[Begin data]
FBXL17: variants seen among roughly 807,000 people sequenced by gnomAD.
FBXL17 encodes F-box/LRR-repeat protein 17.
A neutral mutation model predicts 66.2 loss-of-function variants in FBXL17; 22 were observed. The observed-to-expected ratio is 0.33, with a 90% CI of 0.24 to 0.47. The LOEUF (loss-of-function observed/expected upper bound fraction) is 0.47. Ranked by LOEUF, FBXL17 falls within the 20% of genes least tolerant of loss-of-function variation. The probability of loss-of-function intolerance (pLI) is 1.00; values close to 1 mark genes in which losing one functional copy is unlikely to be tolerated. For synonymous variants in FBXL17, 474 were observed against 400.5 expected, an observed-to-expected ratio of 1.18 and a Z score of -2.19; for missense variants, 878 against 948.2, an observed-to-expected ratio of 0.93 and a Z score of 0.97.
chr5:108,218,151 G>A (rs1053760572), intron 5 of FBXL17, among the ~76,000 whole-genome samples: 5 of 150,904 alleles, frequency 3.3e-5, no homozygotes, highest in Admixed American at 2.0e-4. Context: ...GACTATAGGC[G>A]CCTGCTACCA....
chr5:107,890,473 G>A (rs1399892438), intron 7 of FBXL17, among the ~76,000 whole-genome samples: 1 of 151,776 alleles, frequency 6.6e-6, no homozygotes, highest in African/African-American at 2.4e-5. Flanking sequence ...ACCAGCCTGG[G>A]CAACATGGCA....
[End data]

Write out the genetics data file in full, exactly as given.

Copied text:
FBXL17: variants seen among roughly 807,000 people sequenced by gnomAD.
FBXL17 encodes F-box/LRR-repeat protein 17.
A neutral mutation model predicts 66.2 loss-of-function variants in FBXL17; 22 were observed. The observed-to-expected ratio is 0.33, with a 90% CI of 0.24 to 0.47. The LOEUF (loss-of-function observed/expected upper bound fraction) is 0.47. Ranked by LOEUF, FBXL17 falls within the 20% of genes least tolerant of loss-of-function variation. The probability of loss-of-function intolerance (pLI) is 1.00; values close to 1 mark genes in which losing one functional copy is unlikely to be tolerated. For synonymous variants in FBXL17, 474 were observed against 400.5 expected, an observed-to-expected ratio of 1.18 and a Z score of -2.19; for missense variants, 878 against 948.2, an observed-to-expected ratio of 0.93 and a Z score of 0.97.
chr5:108,218,151 G>A (rs1053760572), intron 5 of FBXL17, among the ~76,000 whole-genome samples: 5 of 150,904 alleles, frequency 3.3e-5, no homozygotes, highest in Admixed American at 2.0e-4. Context: ...GACTATAGGC[G>A]CCTGCTACCA....
chr5:107,890,473 G>A (rs1399892438), intron 7 of FBXL17, among the ~76,000 whole-genome samples: 1 of 151,776 alleles, frequency 6.6e-6, no homozygotes, highest in African/African-American at 2.4e-5. Flanking sequence ...ACCAGCCTGG[G>A]CAACATGGCA....